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Ginsburg: From "good for the public" to leaving "a false impression"

All nine sitting justices have at some point in their careers expressed positive or at least neutral sentiments toward putting cameras in the Supreme Court to televise oral arguments and opinion announcements.

For whatever reason, the justices today balk at the question – or have changed their opinion outright. That includes Justice Ginsburg.

Here are her own words on cameras in the court, changing over time.

1993 confirmation hearing: “I don’t see any problem with having appellate proceedings televised. I think it would be good for the public.” July 22, 1993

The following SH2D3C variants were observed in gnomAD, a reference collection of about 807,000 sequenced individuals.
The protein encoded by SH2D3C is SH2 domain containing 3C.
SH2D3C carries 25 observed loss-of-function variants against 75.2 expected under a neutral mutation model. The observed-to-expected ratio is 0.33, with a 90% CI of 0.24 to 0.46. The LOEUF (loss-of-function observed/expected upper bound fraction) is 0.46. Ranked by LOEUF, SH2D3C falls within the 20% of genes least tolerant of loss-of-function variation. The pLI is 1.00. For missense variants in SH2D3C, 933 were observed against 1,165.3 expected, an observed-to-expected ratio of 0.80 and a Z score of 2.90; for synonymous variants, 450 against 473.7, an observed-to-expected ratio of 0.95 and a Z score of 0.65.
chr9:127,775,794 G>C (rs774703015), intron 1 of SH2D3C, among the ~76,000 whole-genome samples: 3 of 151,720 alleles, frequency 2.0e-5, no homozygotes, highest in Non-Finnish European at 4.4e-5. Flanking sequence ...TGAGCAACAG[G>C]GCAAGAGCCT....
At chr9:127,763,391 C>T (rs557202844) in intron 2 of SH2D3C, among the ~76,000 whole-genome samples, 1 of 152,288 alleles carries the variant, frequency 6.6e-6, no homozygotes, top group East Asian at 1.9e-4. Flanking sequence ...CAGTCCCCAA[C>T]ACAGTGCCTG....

2014: “What the public will see is two people with a half-hour a side having a conversation with the justices, and they come away with the idea that, well, the best debater is going to win that contest,” Justice Ginsburg said. “It would leave a false impression of the appellate process to think that the oral argument is what is decisive in the cases.”  February 10, 2014, New York Times

Fix the Court believes that the justices – either of their own accord or compelled by Congress – should grant the media and the public greater access to oral arguments and opinion announcements through the live broadcast of those events.

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